With less than 60 individuals left, the vaquita is the world’s rarest marine mammal. Researchers believe the species could be extinct within the next five years.
Vaquitas are like miniature dolphins, generally growing roughly four feet in length. A member of the porpoise family, they are often referred to as “little cows” and have cartoonishly adorable features. A somewhat reclusive species, they weren’t discovered by humans until 1958, and seeing one was such a rare occurrence that some started to believe they were only a myth. Vaquitas are only found in the Gulf of California, but spotting one now is even more difficult than before, as their numbers have dwindled to a critically endangered level. The average annual population decline is now over 30 percent due to unsustainable fishing practices.
What’s killing the vaquitas?
Vaquitas aren’t hunted or fished directly, but their troubles come from being caught as by-catch in large fishing nets. In particular, it is the use of gillnets (large fishing nets that hang vertically and trap fish by their gills) in the Gulf of California that is snaring and drowning the little cows.
The gillnets are used by fishing operations that are aiming to catch totoaba, a critically endangered fish species found in the Gulf of California. Formerly an abundant species, totoaba have been over-fished to critically endangered levels.
Fishing for totoaba was banned in Mexico in the 1970s, in order to preserve the species. As so often is the case, the ban would not stop some fishers from continuing to catch and sell the fish on the black market. In this scenario, the black market consists of sending products to China, where they are used in soup and for medicinal purposes.
Specifically, it is the bladder of the totoaba that has become valuable in China; it is believed to hold healing and curative properties. How or why this belief developed is up for some debate. Despite the ban on fishing totaba in the 70s, the black market demand from China has kept the practice alive, and recently it has begun to thrive.
It is believed that a single totoaba bladder can fetch as much as $10,000 on the black market, and that has enticed organized black market and crime operations in Mexico to step up their efforts to meet the demand. In the last few years, it is believed that drug cartels in Mexico have now gotten in on this practice, and are behind illegal fishing operations.
Not only does the increased demand for black market totoaba bladder put survival of the totoaba at risk, but if actions are not taken to end these practices, it could be responsible for the extinction of the vaquita.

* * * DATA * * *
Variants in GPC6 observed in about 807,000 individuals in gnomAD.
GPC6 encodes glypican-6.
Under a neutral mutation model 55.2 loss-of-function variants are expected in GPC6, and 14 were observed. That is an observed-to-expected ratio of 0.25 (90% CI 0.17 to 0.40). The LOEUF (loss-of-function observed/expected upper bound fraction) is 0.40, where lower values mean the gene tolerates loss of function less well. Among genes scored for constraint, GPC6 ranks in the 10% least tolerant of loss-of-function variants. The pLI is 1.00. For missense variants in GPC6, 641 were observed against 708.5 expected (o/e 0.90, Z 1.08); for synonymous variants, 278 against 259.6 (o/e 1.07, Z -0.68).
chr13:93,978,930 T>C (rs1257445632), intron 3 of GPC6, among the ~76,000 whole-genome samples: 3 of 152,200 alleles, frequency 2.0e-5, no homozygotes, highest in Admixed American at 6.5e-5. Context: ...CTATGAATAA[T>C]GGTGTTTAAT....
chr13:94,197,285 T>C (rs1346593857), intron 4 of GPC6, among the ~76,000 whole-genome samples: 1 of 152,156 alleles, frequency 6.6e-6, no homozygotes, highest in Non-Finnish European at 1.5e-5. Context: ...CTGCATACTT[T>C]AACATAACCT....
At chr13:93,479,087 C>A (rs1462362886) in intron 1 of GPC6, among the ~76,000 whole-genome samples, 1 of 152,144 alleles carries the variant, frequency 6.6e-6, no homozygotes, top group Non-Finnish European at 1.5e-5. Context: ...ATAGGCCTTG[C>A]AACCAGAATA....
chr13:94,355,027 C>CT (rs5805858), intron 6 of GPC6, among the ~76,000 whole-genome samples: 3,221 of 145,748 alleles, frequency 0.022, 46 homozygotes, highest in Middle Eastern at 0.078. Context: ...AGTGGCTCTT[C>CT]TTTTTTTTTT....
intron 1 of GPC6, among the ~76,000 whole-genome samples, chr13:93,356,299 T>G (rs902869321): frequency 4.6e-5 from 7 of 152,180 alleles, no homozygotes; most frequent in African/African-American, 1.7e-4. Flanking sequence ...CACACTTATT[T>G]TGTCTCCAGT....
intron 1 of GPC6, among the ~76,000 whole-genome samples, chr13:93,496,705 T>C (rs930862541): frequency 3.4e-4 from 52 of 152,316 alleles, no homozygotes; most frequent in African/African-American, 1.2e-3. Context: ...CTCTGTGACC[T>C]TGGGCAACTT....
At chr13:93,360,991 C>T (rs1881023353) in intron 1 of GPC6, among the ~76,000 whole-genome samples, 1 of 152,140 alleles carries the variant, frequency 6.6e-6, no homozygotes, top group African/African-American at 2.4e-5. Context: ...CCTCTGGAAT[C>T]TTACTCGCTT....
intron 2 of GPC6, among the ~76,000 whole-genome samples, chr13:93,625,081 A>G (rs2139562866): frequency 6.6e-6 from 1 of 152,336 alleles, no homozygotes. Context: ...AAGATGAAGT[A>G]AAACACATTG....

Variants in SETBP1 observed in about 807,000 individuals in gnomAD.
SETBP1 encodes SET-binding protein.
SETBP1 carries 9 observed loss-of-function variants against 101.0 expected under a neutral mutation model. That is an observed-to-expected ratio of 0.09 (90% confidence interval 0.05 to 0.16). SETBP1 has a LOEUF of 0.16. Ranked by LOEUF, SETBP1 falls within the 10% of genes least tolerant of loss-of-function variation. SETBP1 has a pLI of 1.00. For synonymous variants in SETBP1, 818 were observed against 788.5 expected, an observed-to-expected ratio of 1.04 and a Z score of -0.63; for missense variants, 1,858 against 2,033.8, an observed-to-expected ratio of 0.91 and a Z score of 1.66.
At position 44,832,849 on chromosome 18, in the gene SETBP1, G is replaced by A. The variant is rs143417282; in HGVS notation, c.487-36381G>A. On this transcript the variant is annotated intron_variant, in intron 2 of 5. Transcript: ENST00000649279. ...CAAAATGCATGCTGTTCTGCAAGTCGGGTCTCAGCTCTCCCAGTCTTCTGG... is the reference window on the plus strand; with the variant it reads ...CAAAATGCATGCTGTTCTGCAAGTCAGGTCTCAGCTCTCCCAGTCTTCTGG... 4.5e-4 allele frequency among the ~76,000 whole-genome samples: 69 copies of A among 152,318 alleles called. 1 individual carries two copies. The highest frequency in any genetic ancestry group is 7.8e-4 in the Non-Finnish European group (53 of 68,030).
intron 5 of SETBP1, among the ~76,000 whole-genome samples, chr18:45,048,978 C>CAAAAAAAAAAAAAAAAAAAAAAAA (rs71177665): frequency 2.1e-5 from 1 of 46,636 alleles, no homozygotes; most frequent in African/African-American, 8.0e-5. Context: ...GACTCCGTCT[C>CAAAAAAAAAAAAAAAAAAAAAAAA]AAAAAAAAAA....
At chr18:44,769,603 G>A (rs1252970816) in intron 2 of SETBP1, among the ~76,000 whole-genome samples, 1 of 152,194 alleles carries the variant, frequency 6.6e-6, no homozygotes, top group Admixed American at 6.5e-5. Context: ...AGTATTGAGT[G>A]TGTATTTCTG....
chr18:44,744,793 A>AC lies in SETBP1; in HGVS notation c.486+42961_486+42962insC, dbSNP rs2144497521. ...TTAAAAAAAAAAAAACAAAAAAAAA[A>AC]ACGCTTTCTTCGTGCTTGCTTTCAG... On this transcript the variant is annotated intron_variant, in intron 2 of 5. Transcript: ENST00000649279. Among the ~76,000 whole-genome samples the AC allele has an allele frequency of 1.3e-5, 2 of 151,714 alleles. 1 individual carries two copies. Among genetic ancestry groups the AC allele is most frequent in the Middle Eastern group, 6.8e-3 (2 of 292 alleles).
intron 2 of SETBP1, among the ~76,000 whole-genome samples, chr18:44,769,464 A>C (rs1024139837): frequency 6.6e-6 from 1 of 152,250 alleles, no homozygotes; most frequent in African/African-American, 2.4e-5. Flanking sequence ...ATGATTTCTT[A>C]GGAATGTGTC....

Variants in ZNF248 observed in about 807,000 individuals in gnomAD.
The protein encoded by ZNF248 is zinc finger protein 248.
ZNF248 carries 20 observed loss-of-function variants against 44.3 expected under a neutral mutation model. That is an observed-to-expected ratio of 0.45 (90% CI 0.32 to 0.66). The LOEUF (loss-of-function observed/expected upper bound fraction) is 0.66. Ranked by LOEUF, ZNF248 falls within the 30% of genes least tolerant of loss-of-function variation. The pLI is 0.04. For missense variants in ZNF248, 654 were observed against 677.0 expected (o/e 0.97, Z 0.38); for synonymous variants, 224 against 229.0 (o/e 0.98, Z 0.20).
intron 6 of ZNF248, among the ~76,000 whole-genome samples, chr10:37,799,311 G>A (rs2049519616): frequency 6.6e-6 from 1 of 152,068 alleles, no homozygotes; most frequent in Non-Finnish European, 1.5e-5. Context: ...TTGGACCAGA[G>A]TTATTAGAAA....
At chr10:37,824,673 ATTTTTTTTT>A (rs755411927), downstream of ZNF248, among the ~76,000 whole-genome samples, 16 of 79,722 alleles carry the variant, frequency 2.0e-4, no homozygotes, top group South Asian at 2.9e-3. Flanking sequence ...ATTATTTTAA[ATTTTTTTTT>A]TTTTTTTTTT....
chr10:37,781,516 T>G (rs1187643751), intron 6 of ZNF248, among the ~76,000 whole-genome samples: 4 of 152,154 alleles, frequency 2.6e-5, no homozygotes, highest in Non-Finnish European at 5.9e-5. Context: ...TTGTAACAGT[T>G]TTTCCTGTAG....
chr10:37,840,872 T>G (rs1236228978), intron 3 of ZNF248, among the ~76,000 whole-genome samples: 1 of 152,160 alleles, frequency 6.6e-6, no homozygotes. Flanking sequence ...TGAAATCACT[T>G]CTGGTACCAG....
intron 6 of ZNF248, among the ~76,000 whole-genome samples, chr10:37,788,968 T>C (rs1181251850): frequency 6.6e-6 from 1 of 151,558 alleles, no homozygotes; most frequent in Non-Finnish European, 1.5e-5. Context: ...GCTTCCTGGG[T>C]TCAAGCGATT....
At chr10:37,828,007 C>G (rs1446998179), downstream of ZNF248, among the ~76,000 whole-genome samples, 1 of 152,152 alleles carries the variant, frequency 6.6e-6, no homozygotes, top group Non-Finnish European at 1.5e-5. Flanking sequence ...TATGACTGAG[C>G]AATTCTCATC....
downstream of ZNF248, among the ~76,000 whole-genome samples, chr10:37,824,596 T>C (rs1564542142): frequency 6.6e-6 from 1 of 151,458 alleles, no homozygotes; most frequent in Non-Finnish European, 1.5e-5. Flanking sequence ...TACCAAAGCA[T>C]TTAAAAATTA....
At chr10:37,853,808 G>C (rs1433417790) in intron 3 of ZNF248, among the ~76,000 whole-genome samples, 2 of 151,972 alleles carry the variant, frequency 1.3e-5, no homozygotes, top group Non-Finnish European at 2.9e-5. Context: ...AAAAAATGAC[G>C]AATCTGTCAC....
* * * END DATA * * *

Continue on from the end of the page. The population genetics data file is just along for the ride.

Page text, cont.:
The extinction of the vaquita would have unknown impacts to the surrounding ecosystem. Vaquitas are not picky eaters and generally feast on any fish species that shares a home with them, so eliminating a top of the food chain predator would allow some fish populations to increase. Sharks are the vaquitas only known predators, but the small porpoises only make up a small percentage of the sharks’ diet. Still, taking away a food source from nearby shark populations would cause a disruption in the stability of the ecosystem.
What is being done?
In 2008, Canada, the U.S., and Mexico entered into an agreement that would provide financial compensation to Mexican fishers in exchange for agreeing not to fish inside designated vaquita refuge zones. Stipulations in the agreement would also provide local fishers with fishing equipment that is less likely to ensnare vaquitas as by-catch (i.e not gillnets). Unfortunately, enforcement of the agreements with local fishers is often difficult.
When the number of vaquitas dipped below 100 for the first time in 2014, Mexico implemented a two-year ban on the use of gillnets for fishing operations. In order to implement the ban, the government paid fishers to report any fishing operations that were in defiance of it. If the Mexican drug cartels have continued toboaba gillnet fishing operations, however, it could be risky for a local fisher to report on it.
Also in 2014, Greenpeace launched a massive letter-writing campaign directed at Mexican President Enrique Pena Nieto to also ban trawling operations in the area and extend the range deemed to be a vaquita refuge area. In response to the campaign, the Mexican government responded by saying “okay” and then did exactly what was recommended, proving that sometimes that sort of thing does happen.
In 2015, Greenpeace’s delinquent cousin, the Sea Shepherd Society, also decided to get in on the vaquita saving efforts. Sea Shepherd, an organization that has often been involved in dangerous marine based direct action campaigns, actually partnered with the Mexican government to patrol vaquita habitat, report poaching and remove illegal fishing nets.
Is there hope?
With numbers as low as the vaquitas it can be easy to see why one would assume that all hope is lost. Should conservation programs be successful, it wouldn’t be the first time a species with such low numbers was brought back to a thriving population.
Take the Virginia northern flying squirrel for instance. Those winged nut-lovers were down to their final 10 individuals in the 1980s, a negative consequence of over-logging and habitat loss. Protective status along with habitat regeneration programs had their numbers up over 1,000 strong in 2013, demonstrating the strength that properly executed conservation programs can have.
The vaquita story has a chance to have a happy ending, but they will need the support of the public. The organization Viva Vaquita is a non-profit comprised of researchers and educators dedicated to saving the species. On their website, they list multiple ways that you can get involved to help save these critically endangered little cows.
— Ian Carey